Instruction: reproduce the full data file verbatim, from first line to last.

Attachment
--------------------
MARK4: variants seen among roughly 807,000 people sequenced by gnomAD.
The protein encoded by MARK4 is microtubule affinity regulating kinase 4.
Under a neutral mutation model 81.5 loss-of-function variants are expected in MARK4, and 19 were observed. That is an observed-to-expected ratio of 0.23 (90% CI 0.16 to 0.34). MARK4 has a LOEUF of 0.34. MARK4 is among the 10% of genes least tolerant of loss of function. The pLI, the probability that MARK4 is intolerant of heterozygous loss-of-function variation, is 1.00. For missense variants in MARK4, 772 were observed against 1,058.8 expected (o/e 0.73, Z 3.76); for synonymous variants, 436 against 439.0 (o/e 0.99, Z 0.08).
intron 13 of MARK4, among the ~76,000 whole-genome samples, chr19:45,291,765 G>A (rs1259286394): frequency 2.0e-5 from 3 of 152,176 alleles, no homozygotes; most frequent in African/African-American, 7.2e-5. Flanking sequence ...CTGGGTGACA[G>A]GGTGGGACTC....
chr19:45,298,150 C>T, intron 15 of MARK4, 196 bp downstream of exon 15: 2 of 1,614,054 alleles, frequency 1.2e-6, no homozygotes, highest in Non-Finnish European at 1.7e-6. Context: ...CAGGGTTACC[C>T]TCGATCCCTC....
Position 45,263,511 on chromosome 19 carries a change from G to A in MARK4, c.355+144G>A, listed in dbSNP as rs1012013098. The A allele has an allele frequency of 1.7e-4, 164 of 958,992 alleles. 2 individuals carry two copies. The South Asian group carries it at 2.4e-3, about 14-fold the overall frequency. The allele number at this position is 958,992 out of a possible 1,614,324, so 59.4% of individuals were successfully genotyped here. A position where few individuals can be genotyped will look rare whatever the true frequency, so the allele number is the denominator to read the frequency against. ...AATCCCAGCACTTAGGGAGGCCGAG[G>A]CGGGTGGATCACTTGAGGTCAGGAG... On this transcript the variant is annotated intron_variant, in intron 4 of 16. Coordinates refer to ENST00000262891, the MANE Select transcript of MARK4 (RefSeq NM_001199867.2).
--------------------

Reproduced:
MARK4: variants seen among roughly 807,000 people sequenced by gnomAD.
The protein encoded by MARK4 is microtubule affinity regulating kinase 4.
Under a neutral mutation model 81.5 loss-of-function variants are expected in MARK4, and 19 were observed. That is an observed-to-expected ratio of 0.23 (90% CI 0.16 to 0.34). MARK4 has a LOEUF of 0.34. MARK4 is among the 10% of genes least tolerant of loss of function. The pLI, the probability that MARK4 is intolerant of heterozygous loss-of-function variation, is 1.00. For missense variants in MARK4, 772 were observed against 1,058.8 expected (o/e 0.73, Z 3.76); for synonymous variants, 436 against 439.0 (o/e 0.99, Z 0.08).
intron 13 of MARK4, among the ~76,000 whole-genome samples, chr19:45,291,765 G>A (rs1259286394): frequency 2.0e-5 from 3 of 152,176 alleles, no homozygotes; most frequent in African/African-American, 7.2e-5. Flanking sequence ...CTGGGTGACA[G>A]GGTGGGACTC....
chr19:45,298,150 C>T, intron 15 of MARK4, 196 bp downstream of exon 15: 2 of 1,614,054 alleles, frequency 1.2e-6, no homozygotes, highest in Non-Finnish European at 1.7e-6. Context: ...CAGGGTTACC[C>T]TCGATCCCTC....
Position 45,263,511 on chromosome 19 carries a change from G to A in MARK4, c.355+144G>A, listed in dbSNP as rs1012013098. The A allele has an allele frequency of 1.7e-4, 164 of 958,992 alleles. 2 individuals carry two copies. The South Asian group carries it at 2.4e-3, about 14-fold the overall frequency. The allele number at this position is 958,992 out of a possible 1,614,324, so 59.4% of individuals were successfully genotyped here. A position where few individuals can be genotyped will look rare whatever the true frequency, so the allele number is the denominator to read the frequency against. ...AATCCCAGCACTTAGGGAGGCCGAG[G>A]CGGGTGGATCACTTGAGGTCAGGAG... On this transcript the variant is annotated intron_variant, in intron 4 of 16. Coordinates refer to ENST00000262891, the MANE Select transcript of MARK4 (RefSeq NM_001199867.2).